But the problem doesn't stop there. In fact, it may be worse than those numbers show. The default rates only take a look at a two-year window -- but some studies show that as few as one in five defaults at for-profit colleges occur in that timeframe. Meanwhile, the New York Times reports:

A recent study by the Institute for Higher Education Policy found that for every borrower who defaults, at least two more fall behind in payments. The study found that only 37 percent of borrowers who started repaying their student loans in 2005 were able to pay them back fully and on time.

Banks and corporations may be feeling great about their debt levels, but they would do well to remember that consumers drive our economy. If we're all still buried under a mountain of debt that we can't pay off, the economy will continue to suffer.

Bryce Covert is Assistant Editor at New Deal 2.0.

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China "Cheats" -- and So Should We

Sep 13, 2011Jon Rynn

CB013130If the U.S. wants to tackle climate change and stay competitive in the global economy, it needs to stop playing by the old rules and start making new ones.

CB013130If the U.S. wants to tackle climate change and stay competitive in the global economy, it needs to stop playing by the old rules and start making new ones.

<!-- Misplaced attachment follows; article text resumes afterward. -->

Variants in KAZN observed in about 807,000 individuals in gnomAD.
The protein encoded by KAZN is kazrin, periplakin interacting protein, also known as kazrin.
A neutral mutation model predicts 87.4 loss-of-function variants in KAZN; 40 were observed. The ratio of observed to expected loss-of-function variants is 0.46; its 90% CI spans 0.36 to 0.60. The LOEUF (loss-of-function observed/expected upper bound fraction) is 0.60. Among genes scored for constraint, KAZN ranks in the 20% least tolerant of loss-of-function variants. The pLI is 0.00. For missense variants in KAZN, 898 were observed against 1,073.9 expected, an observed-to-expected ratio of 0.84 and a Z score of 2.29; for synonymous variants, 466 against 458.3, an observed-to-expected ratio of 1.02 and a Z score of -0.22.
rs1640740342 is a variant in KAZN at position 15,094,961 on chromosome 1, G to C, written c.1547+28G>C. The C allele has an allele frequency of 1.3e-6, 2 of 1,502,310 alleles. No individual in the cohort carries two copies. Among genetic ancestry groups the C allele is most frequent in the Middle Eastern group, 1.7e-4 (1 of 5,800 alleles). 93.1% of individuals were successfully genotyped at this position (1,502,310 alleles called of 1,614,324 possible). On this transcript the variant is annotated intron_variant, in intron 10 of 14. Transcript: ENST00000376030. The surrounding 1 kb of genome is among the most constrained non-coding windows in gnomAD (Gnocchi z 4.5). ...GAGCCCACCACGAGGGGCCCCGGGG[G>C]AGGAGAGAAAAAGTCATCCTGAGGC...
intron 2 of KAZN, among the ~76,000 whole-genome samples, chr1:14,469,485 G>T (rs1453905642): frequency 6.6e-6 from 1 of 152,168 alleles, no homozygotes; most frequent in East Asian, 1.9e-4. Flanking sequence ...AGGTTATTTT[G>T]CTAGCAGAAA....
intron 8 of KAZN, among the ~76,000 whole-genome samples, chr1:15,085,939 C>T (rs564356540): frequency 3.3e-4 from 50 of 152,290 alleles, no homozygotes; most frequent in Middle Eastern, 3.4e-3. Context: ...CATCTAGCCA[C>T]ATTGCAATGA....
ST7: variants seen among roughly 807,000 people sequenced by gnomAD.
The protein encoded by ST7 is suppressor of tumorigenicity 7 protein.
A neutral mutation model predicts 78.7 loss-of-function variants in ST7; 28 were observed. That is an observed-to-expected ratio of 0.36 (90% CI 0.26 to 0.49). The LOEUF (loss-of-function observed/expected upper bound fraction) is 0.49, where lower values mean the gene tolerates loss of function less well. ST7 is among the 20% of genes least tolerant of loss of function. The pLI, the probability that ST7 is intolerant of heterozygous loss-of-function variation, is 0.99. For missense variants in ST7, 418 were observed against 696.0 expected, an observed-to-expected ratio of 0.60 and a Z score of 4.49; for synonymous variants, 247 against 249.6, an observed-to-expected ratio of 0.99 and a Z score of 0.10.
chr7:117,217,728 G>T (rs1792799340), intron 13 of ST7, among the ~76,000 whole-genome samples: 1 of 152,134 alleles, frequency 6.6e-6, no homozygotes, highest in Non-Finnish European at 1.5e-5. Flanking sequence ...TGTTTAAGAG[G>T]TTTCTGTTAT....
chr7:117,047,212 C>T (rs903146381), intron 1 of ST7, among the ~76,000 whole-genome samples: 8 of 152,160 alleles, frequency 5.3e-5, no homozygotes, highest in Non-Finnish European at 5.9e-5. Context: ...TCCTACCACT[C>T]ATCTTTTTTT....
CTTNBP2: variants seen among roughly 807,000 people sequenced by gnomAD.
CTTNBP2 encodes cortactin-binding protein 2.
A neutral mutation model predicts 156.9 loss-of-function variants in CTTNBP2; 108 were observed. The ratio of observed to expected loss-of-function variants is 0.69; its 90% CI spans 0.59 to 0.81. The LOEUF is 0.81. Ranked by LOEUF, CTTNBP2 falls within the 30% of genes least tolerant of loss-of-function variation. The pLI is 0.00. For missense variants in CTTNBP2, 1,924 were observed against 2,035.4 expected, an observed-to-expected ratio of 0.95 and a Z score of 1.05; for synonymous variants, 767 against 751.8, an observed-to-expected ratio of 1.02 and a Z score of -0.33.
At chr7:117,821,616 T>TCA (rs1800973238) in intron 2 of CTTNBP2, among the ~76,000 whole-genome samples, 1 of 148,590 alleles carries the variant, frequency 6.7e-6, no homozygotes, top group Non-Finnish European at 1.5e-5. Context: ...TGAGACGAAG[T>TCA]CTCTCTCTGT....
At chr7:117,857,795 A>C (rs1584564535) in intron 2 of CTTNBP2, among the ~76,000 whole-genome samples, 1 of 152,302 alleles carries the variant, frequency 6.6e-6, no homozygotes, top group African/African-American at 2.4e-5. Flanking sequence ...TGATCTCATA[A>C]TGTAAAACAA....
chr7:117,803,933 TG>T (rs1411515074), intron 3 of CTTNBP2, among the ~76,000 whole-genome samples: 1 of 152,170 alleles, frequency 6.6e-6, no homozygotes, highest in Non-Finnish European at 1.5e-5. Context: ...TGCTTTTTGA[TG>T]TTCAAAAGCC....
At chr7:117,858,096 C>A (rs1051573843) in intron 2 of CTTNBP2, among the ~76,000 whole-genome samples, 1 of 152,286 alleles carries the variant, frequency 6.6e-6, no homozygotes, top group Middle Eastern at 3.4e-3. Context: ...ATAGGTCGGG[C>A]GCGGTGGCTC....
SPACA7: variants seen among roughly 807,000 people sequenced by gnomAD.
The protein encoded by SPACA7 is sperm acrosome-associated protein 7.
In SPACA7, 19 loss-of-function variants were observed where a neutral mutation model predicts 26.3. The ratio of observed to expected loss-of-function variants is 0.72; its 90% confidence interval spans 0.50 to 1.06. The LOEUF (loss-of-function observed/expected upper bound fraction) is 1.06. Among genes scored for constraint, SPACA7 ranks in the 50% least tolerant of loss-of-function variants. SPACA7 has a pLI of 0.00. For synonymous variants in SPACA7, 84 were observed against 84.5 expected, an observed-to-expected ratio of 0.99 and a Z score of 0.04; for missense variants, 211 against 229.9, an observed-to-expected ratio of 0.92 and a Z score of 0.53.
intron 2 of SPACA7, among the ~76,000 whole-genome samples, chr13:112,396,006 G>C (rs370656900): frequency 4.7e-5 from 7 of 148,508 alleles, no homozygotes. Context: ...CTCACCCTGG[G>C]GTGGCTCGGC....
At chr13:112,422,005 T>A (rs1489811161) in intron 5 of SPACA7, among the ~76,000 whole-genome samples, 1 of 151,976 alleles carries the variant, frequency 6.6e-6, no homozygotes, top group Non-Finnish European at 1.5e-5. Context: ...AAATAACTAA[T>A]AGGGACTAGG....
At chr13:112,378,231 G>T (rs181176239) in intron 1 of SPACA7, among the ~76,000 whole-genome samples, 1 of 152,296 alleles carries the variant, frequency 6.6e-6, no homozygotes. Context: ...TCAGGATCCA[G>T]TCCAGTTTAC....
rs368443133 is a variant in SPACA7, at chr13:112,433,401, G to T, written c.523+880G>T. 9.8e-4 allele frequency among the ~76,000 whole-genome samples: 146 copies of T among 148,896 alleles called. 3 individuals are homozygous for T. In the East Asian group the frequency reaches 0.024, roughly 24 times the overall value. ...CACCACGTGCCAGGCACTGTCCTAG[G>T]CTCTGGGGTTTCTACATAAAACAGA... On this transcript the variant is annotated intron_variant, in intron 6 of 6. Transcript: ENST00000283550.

The looming global warming catastrophe could be worse, in the long term, than any war, social collapse, or single famine in human history. We need to scale up renewable technologies as quickly as possible -- by any means necessary. And that is exactly what the Chinese are doing. According to Steven Lacey at Climate Progress, while world solar cell manufacturing capacity was only 100 MW in 2000, it is now 50,000 MW –- and China by itself accounts for 57 percent. But this puts Americans, including Lacey and other environmentalists, in a peculiar position. On the one hand, we desperately want more solar and other renewable technologies. But on the other hand, by scaling up so fast, the Chinese might wipe out the American solar panel industry. Instead of trying to stop the Chinese from doing what they are doing, the U.S. needs to learn from them.